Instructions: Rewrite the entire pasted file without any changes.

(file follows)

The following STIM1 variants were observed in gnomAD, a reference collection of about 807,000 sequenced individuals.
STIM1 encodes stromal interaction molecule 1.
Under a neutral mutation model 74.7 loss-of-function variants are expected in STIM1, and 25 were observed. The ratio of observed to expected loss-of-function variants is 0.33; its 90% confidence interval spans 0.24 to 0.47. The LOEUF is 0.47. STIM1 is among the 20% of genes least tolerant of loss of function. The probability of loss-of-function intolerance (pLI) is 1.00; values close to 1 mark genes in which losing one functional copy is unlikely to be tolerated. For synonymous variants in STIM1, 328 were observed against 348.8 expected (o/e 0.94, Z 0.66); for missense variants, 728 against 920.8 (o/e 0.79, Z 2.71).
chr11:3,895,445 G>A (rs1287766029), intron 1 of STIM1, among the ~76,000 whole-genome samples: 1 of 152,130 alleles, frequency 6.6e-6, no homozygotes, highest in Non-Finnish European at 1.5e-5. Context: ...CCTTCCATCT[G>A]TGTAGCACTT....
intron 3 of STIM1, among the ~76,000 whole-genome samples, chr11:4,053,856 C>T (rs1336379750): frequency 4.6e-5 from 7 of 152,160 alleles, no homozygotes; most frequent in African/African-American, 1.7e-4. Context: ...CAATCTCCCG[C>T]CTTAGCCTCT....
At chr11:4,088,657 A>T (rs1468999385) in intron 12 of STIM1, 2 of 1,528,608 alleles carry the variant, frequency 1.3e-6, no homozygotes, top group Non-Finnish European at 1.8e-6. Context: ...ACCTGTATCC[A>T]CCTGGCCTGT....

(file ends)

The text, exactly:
The following STIM1 variants were observed in gnomAD, a reference collection of about 807,000 sequenced individuals.
STIM1 encodes stromal interaction molecule 1.
Under a neutral mutation model 74.7 loss-of-function variants are expected in STIM1, and 25 were observed. The ratio of observed to expected loss-of-function variants is 0.33; its 90% confidence interval spans 0.24 to 0.47. The LOEUF is 0.47. STIM1 is among the 20% of genes least tolerant of loss of function. The probability of loss-of-function intolerance (pLI) is 1.00; values close to 1 mark genes in which losing one functional copy is unlikely to be tolerated. For synonymous variants in STIM1, 328 were observed against 348.8 expected (o/e 0.94, Z 0.66); for missense variants, 728 against 920.8 (o/e 0.79, Z 2.71).
chr11:3,895,445 G>A (rs1287766029), intron 1 of STIM1, among the ~76,000 whole-genome samples: 1 of 152,130 alleles, frequency 6.6e-6, no homozygotes, highest in Non-Finnish European at 1.5e-5. Context: ...CCTTCCATCT[G>A]TGTAGCACTT....
intron 3 of STIM1, among the ~76,000 whole-genome samples, chr11:4,053,856 C>T (rs1336379750): frequency 4.6e-5 from 7 of 152,160 alleles, no homozygotes; most frequent in African/African-American, 1.7e-4. Context: ...CAATCTCCCG[C>T]CTTAGCCTCT....
At chr11:4,088,657 A>T (rs1468999385) in intron 12 of STIM1, 2 of 1,528,608 alleles carry the variant, frequency 1.3e-6, no homozygotes, top group Non-Finnish European at 1.8e-6. Context: ...ACCTGTATCC[A>T]CCTGGCCTGT....